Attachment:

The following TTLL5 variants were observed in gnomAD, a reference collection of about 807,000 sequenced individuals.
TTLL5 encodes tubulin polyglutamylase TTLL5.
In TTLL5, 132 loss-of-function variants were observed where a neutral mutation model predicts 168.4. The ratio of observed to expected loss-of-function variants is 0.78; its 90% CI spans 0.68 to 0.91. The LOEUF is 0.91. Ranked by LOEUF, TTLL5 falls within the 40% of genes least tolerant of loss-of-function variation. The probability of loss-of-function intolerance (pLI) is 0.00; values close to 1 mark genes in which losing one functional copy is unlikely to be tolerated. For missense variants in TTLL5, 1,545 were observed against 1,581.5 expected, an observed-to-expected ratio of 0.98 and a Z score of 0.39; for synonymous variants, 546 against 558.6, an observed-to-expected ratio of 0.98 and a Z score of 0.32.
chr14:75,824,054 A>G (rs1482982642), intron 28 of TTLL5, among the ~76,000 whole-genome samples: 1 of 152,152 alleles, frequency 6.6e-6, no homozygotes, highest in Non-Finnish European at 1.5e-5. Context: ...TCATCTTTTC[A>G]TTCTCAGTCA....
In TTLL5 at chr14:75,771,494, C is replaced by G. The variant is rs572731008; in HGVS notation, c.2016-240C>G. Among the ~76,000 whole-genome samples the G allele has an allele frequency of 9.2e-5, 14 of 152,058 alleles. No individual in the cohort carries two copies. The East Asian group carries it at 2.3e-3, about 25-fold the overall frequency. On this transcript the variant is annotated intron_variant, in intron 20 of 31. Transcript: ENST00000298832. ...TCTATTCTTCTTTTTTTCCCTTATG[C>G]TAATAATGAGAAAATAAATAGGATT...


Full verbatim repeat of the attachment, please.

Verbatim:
The following TTLL5 variants were observed in gnomAD, a reference collection of about 807,000 sequenced individuals.
TTLL5 encodes tubulin polyglutamylase TTLL5.
In TTLL5, 132 loss-of-function variants were observed where a neutral mutation model predicts 168.4. The ratio of observed to expected loss-of-function variants is 0.78; its 90% CI spans 0.68 to 0.91. The LOEUF is 0.91. Ranked by LOEUF, TTLL5 falls within the 40% of genes least tolerant of loss-of-function variation. The probability of loss-of-function intolerance (pLI) is 0.00; values close to 1 mark genes in which losing one functional copy is unlikely to be tolerated. For missense variants in TTLL5, 1,545 were observed against 1,581.5 expected, an observed-to-expected ratio of 0.98 and a Z score of 0.39; for synonymous variants, 546 against 558.6, an observed-to-expected ratio of 0.98 and a Z score of 0.32.
chr14:75,824,054 A>G (rs1482982642), intron 28 of TTLL5, among the ~76,000 whole-genome samples: 1 of 152,152 alleles, frequency 6.6e-6, no homozygotes, highest in Non-Finnish European at 1.5e-5. Context: ...TCATCTTTTC[A>G]TTCTCAGTCA....
In TTLL5 at chr14:75,771,494, C is replaced by G. The variant is rs572731008; in HGVS notation, c.2016-240C>G. Among the ~76,000 whole-genome samples the G allele has an allele frequency of 9.2e-5, 14 of 152,058 alleles. No individual in the cohort carries two copies. The East Asian group carries it at 2.3e-3, about 25-fold the overall frequency. On this transcript the variant is annotated intron_variant, in intron 20 of 31. Transcript: ENST00000298832. ...TCTATTCTTCTTTTTTTCCCTTATG[C>G]TAATAATGAGAAAATAAATAGGATT...